Laika’s latest stop-motion journey is grander not only in visual detail, but also in scale and narrative. While previous films, like Coraline, Kubo and the Two Strings, and ParaNorman have focused on the world as seen through the eyes of a child, Missing Link departs from this norm to depict a slightly more mature story featuring grownup characters. The globe-trotting, vibrant adventure draws interesting parallels between its two stars, Sir Lionel Frost (Hugh Jackman) and Mr. Link (Zach Galifianakis), who in their disparate missions to find a place where they belong, evolve only to discover that what they’ve been seeking isn’t as far beyond their reach as they thought. A delight to the eyes and the heart, Missing Link is an uplifting journey of self-discovery and finding one’s place in the world.
Jackman is pitch-perfect as the voice of Sir Lionel Frost, a confident, somewhat arrogant explorer intent on making a name for himself in a society of great men. The fact that these men have no interest in allowing him entry into their exclusive club plays on our sympathy and has us rooting for him despite his sometimes questionable intentions. Mr. Link, on the other hand, is a humble and lonely mythical creature, tired of life alone in the Pacific Northwest and wanting more than anything to find a home with his distant relatives – the Yeti. Recruiting Sir Lionel and his former flame, Adelina Fortnight (Zoe Saldana), to assist him on his quest, the trio travel the world together encountering no shortage of obstacles and life lessons along the way.
In numerous sequences, Mr. Link’s failure to grasp the nuances of the English language (“I’m very literal”) places unfortunate limitations on the humor of the film. His childlike innocence feels more like a comfort zone writer/director Chris Butler wasn’t quite prepared to leave behind in a script aimed toward younger audiences. Yet, in other ways his narrative feels very progressive, such as, in the case of Adelina, whose character proves to be the most evolved. Many of her actions and dialogue when dealing with Sir Lionel will be applauded for their feminist leanings. Also, Mr. Link’s choice of the moniker, Susan, a highlight of the film’s trailer, strikes a chord of gender neutrality other filmmakers in this genre might shy away from. Overall, moments where the comedy falls short are made up for with the sheer brilliance of the feature’s visuals and its uplifting message.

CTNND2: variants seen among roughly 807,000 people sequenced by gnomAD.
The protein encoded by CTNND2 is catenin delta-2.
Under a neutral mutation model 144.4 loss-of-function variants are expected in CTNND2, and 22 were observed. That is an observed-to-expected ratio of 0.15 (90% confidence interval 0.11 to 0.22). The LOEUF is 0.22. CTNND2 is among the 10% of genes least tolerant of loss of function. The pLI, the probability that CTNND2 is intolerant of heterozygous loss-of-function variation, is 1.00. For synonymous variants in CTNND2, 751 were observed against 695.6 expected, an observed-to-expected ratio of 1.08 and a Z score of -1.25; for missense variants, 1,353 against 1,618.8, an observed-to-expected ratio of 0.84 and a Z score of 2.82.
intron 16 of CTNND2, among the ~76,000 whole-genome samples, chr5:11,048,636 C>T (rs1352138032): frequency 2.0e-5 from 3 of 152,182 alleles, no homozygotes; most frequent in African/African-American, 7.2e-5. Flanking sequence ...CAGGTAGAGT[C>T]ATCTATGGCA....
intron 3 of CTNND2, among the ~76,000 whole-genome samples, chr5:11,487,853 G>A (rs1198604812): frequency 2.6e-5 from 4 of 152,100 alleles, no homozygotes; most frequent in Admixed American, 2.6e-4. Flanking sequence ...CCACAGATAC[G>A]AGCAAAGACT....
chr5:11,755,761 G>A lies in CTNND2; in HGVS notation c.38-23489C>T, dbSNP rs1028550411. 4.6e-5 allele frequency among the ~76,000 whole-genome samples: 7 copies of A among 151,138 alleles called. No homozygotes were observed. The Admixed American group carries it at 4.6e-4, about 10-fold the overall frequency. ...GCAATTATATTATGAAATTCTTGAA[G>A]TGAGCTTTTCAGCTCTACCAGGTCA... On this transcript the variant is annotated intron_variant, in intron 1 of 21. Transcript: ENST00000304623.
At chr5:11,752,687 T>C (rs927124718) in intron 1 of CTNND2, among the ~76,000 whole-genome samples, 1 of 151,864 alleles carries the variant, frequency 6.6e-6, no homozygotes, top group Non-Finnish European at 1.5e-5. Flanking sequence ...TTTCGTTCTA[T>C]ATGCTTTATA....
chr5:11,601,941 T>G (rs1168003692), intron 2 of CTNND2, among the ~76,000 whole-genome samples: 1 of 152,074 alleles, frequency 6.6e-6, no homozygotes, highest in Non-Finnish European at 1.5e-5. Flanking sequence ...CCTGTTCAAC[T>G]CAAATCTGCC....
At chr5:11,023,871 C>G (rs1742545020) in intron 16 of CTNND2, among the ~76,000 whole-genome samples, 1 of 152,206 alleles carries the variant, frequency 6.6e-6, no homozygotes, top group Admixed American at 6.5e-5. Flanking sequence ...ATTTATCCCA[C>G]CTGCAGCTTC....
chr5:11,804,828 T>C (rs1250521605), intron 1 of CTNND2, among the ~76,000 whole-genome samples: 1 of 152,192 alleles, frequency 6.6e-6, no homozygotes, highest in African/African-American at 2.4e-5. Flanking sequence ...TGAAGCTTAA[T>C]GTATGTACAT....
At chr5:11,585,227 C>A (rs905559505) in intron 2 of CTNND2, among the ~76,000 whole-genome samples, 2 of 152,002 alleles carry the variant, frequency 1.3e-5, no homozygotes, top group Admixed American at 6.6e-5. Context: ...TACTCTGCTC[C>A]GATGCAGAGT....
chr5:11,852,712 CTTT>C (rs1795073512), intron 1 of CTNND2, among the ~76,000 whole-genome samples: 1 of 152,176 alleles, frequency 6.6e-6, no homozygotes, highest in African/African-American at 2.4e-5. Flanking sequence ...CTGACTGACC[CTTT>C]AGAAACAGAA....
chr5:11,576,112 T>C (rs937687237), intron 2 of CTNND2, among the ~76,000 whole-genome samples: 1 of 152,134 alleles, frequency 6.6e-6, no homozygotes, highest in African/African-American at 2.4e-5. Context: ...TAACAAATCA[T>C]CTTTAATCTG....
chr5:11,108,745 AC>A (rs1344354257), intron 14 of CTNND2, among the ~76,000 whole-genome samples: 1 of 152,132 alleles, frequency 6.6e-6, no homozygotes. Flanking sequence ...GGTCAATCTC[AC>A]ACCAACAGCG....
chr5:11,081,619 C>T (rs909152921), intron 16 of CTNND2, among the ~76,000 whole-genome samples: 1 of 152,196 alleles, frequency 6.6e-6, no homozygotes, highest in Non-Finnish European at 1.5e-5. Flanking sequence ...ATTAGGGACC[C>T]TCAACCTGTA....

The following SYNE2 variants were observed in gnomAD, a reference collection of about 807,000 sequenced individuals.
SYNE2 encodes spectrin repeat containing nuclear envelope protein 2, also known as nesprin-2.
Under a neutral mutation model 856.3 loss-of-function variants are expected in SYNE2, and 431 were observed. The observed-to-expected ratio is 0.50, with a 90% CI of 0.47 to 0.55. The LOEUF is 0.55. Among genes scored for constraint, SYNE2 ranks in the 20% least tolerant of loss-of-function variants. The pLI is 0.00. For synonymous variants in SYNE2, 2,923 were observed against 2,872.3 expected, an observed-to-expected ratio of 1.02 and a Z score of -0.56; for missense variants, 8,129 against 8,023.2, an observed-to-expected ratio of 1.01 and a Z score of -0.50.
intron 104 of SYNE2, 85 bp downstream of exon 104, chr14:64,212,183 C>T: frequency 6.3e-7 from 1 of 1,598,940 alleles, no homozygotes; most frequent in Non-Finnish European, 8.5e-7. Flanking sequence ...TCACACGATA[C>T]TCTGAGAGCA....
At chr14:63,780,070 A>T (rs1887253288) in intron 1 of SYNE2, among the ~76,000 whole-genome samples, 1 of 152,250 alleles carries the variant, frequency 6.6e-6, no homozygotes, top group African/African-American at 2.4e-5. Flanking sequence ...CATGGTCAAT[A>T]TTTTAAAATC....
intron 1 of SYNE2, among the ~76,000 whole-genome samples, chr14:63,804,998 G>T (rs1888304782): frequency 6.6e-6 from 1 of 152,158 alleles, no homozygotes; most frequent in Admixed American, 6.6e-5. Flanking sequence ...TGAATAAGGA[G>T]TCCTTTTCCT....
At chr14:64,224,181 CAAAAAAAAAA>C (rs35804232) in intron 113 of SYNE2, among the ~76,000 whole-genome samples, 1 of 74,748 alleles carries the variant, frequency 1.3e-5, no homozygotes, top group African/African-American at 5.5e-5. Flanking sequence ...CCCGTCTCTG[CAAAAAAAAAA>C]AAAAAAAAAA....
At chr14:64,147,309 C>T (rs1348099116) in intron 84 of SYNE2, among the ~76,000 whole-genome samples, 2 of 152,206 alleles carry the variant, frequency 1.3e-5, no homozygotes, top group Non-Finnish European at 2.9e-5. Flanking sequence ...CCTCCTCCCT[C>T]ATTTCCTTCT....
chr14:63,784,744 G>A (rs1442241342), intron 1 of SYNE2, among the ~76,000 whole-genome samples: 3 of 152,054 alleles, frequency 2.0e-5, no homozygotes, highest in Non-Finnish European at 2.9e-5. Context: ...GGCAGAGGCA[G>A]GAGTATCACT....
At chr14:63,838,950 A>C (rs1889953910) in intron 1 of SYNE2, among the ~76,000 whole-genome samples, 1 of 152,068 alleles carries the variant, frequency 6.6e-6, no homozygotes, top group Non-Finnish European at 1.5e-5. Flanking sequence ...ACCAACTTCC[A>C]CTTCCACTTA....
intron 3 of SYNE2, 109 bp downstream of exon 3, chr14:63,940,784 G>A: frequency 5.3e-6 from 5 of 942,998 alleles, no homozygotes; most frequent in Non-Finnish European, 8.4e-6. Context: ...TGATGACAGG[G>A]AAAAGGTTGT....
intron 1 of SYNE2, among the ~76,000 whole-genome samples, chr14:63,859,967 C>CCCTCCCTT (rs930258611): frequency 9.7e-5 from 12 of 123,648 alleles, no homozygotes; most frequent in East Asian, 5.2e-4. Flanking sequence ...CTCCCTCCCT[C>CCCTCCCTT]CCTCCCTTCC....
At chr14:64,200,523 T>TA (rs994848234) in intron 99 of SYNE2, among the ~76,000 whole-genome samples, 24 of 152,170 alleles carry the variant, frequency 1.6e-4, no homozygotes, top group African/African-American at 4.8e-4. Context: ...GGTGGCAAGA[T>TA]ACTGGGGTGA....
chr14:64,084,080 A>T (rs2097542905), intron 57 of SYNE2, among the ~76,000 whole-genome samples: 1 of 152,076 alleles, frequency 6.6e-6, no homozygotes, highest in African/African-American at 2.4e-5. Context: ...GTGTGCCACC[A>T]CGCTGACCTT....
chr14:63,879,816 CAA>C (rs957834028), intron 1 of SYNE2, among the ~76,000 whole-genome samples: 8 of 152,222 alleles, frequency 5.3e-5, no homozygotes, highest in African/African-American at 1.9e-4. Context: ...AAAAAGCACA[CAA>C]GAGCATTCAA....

The level of wondrous visual achievements we’ve come to expect from Laika is present times a thousand in Missing Link. Traveling the globe offers them endless opportunities to showcase their exquisite eye for detail, from the remarkable costumes to over sixty locations. Prepare yourself for an explosion of dazzling color. This meticulous craftmanship is an area where Laika continues to excel and surpass even the best of their own work. Earlier this year, I had the opportunity to glimpse behind the scenes and I was astounded by the attention to detail that goes into building these whimsical worlds. Seeing the finished product on screen only enhances the obvious heart and soul Laika put into making each feature.
Missing Link is Chris Butler’s stop-motion love letter to live-action adventures like Indiana Jones, and it’s paving the way for even grander undertakings for Laika in the future. From a bar brawl on par with those you’ve seen dozens of times in your favorite Westerns to a battle on the high seas, the stakes are high. And while the heroes may be flawed, they’re learning, evolving, and finding their place. You may not walk away from this particular adventure as attached to the characters as you were in previous Laika pictures, but in every intense moment, you’ll find you're invested in their journey and biting your nails whenever they find themselves in danger.
Look for Missing Link in theaters Friday, April 12th.